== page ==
The word luxury conjures a myriad of images, ideas and connotations and is, suffice to say, a somewhat subjective term. That said, almost every person will share certain expectations when booking into or arriving at a hotel described as a ‘luxury’ one.
What is Luxury?
Whilst luxury, as aforementioned is a term used subjectively and without any solid or concrete definition, it is commonly accepted (and expected even) that a luxury UK hotel will provide the following as standard:
- Ensuite facilities
- Excellent customer service
- Room service as standard
- Rooms of a high specification
- Furnishings of a supreme quality
- Impeccable cleanliness and attention to detail
- Complementary toiletries, and convenience including tea and coffee making facilities
- Exquisite style, well thought out decor and quality furnishings, such as a choice of feather or synthetic bedding and Egyptian cotton towels
Many hotels advertising themselves as offering luxury also feature onsite facilities such as restaurants, pools, spas and private gardens depending on the location of a hotel; the real mark of luxury is a hotel which caters for the needs of its intended clientele.
Contemporary vs. Country Luxury: What Differs?
The notion of what constitutes or can be described as luxury when it comes to hotels is exposed as non-standard in at least one respect when considering and comparing contemporary and country accommodations. Take, for example the hotels provided by Lake District Country Hotels which are all wholly unique in several respects, yet unified in that all three offer traditional British and quintessential hotel accommodations that fulfil and exceed the ‘luxury country’ accommodation description. Then, and suffice to say, what constitutes ‘country luxury’ differs massively from what people arriving at a contemporary inner city luxury hotel such as The Shangri-La Hotel situated in the iconic Shard skyscraper in the Capital.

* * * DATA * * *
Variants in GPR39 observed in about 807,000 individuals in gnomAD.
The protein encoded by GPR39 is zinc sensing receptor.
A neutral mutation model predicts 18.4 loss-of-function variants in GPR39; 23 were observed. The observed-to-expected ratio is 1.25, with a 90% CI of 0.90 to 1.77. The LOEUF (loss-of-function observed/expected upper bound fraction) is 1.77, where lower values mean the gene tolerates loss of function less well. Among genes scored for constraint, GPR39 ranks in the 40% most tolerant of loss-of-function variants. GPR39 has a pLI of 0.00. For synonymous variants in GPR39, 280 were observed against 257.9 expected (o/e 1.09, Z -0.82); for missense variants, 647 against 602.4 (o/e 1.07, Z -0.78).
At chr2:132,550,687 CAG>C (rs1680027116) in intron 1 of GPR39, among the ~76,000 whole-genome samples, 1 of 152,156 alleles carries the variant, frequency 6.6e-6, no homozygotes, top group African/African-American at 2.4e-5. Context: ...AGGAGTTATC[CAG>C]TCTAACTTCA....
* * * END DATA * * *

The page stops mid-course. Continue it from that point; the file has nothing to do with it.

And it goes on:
Country luxury is typified by graded and / or historical buildings located in rural locations and surrounded by outstanding natural beauty. Meanwhile, ‘contemporary luxury’ characteristically describes suites occupying innovative, modern builds most often in inner city locations and which feature more glass than local stone and champion technology over tradition. Meanwhile, what unites both a luxury country hotel and a contemporary city hotel is that both equally provide an exceptional quality of accommodation that reflects, celebrates and is appropriate to the location in which it resides and caters to those requiring use of it.
UK AA Star Ratings
Another way to measure luxury is of course to search for accommodation according to its star rating.
Specifically, within the UK there are regulations put in place to prevent non star rated accommodations and hotels from purporting to offer accommodations described as such. Further, this legislation is put in place to provide some level of standardisation when it comes to what can be described as ‘luxury’ and to safeguard holiday makers and travellers from disappointment and what otherwise can prove a rather unpleasant surprise when arriving at hotel.
Then, the star ratings earned and permissible to use by hotels when awarded via the official AA tourist authorities are what those travelling to or within the UK need to look for to ensure the accommodation they book provides the level of luxury they expect and are willing to pay for. Of course, to know what AA star rating constitutes luxury in your eyes will require first understanding the AA banding system when rating a hotel, as different people have different standards and expectations. Then, to learn more about how the AA rate hotels and why some UK hotels are rated whilst others opt not to be, visit the Official AA website.
Star Ratings in Europe and Worldwide
Whilst within Britain AA star ratings are a reliable way to find appropriate accommodation, standards can vary massively when booking a hotel in Europe or just about anywhere beyond UK borders, as discussed and explored in more detail via the Telegraph Newspaper and reported on via their article: European Star Ratings Explained. Therefore, if you are a Brit planning to book into a hotel abroad, it is prudent before doing so to give the Telegraph feature a read rather than simply trusting that ‘five stars’ in France means what it does here in Britain.
Not only will being aware of the potential differing standards in different countries potentially save traveller’s a lot of stress and disappointment, it could too save those travelling beyond Blighty’s shores a serious amount of money; suffice to say, judging accommodations outside of the UK as ‘five star’ does not necessarily means it meets the standards expected in the UK in order to advertise itself as such – or to advertise itself as even three or two stars. Hence, star ratings should never be taken for granted when in search of a luxury hotel or accommodation, especially when searching abroad.